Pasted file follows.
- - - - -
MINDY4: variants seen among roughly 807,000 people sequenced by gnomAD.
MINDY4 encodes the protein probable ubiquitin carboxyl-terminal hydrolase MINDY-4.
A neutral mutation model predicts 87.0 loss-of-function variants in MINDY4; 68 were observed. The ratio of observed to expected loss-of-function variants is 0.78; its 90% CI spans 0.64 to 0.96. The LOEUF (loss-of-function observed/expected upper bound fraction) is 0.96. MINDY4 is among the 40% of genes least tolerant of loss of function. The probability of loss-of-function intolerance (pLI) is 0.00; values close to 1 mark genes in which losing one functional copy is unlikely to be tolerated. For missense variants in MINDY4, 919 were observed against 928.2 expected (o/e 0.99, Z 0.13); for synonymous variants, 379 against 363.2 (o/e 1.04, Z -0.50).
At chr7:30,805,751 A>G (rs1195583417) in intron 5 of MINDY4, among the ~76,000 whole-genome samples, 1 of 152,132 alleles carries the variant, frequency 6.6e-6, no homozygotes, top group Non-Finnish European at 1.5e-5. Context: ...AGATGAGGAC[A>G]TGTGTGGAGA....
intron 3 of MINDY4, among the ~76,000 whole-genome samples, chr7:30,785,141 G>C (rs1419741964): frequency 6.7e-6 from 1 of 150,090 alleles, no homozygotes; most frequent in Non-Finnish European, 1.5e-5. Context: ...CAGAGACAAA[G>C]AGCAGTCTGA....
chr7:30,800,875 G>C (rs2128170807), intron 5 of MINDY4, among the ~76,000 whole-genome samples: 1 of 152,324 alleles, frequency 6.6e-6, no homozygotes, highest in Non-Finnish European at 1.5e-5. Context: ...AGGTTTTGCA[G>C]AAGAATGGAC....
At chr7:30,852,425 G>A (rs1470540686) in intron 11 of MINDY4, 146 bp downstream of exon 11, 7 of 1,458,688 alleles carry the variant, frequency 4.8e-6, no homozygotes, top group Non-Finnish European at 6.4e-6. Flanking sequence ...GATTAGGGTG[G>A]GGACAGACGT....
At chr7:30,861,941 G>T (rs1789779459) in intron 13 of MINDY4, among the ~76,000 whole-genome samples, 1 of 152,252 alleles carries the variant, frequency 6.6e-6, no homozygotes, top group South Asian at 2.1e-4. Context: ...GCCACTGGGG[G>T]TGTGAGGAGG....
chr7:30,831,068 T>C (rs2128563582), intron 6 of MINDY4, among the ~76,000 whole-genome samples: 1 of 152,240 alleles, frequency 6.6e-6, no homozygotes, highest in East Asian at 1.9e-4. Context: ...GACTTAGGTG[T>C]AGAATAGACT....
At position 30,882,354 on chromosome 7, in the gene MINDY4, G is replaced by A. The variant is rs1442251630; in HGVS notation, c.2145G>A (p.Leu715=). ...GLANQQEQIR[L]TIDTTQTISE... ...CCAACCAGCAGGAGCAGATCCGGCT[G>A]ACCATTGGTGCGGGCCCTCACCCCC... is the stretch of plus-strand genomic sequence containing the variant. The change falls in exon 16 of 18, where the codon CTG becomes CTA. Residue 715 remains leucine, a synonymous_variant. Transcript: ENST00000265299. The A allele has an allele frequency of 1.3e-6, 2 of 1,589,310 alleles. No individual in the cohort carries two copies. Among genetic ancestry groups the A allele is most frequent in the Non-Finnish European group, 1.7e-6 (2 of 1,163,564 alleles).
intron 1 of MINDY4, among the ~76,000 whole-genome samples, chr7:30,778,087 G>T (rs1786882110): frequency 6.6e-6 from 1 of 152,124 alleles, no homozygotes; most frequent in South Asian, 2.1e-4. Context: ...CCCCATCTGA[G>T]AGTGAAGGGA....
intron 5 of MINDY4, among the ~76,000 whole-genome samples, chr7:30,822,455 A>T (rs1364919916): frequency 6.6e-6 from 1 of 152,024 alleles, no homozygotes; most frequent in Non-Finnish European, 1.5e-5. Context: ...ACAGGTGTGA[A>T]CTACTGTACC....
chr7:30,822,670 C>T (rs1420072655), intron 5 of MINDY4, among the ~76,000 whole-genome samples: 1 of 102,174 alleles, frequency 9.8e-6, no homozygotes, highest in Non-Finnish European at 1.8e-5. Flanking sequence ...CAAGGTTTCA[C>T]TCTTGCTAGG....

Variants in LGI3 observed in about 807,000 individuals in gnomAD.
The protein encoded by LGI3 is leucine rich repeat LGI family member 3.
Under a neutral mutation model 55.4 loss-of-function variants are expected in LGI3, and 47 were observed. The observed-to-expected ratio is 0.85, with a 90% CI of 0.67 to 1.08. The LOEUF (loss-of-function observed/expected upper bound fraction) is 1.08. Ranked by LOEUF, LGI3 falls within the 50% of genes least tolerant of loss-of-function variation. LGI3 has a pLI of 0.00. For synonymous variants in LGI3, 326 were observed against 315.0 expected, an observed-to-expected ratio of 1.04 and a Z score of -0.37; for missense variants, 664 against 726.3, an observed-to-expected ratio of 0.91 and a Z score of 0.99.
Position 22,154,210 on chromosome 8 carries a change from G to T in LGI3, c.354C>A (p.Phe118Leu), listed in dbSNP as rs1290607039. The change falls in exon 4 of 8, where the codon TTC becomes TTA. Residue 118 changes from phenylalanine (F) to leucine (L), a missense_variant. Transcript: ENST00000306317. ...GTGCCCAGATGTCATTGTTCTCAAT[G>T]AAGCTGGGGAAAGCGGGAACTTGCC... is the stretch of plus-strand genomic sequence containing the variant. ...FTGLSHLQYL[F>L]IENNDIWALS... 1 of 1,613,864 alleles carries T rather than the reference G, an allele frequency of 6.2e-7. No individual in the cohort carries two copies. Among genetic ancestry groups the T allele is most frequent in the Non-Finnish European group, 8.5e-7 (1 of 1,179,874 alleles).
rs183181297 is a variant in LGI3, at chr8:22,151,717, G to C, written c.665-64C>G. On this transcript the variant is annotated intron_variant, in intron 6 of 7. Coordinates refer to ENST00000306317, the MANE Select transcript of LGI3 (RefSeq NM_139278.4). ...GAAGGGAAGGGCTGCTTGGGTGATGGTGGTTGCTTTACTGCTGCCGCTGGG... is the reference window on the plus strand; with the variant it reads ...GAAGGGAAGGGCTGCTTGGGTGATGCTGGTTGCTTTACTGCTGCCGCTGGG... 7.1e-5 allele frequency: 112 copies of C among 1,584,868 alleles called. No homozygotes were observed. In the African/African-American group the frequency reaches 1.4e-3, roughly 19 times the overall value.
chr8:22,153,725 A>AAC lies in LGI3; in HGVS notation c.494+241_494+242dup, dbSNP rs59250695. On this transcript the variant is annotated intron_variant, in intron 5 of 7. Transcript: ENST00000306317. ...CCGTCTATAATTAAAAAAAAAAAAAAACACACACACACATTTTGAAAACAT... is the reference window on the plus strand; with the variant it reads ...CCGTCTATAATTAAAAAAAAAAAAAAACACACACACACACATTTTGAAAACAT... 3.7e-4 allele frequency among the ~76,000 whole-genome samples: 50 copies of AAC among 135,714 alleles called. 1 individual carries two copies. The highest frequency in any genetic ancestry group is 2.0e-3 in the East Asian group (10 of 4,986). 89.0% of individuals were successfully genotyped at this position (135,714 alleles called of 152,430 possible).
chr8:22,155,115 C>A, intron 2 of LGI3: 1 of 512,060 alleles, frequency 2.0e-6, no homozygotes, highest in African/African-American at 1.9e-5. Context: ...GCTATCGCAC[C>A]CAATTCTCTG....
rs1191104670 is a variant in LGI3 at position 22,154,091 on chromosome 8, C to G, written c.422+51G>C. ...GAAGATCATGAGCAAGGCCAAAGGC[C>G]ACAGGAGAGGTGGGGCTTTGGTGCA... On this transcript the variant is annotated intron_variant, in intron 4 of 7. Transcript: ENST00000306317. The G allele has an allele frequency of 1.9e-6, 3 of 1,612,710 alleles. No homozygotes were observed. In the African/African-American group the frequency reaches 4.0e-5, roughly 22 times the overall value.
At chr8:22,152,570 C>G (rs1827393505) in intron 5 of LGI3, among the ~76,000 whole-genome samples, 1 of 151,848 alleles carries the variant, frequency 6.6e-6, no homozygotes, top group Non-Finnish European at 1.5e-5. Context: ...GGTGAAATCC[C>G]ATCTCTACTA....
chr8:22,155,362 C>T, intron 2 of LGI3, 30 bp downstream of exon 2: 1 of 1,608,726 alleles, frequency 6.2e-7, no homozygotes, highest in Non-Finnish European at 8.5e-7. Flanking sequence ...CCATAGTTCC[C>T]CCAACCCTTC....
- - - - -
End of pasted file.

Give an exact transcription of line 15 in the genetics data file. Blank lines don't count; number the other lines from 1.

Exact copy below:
The protein encoded by LGI3 is leucine rich repeat LGI family member 3.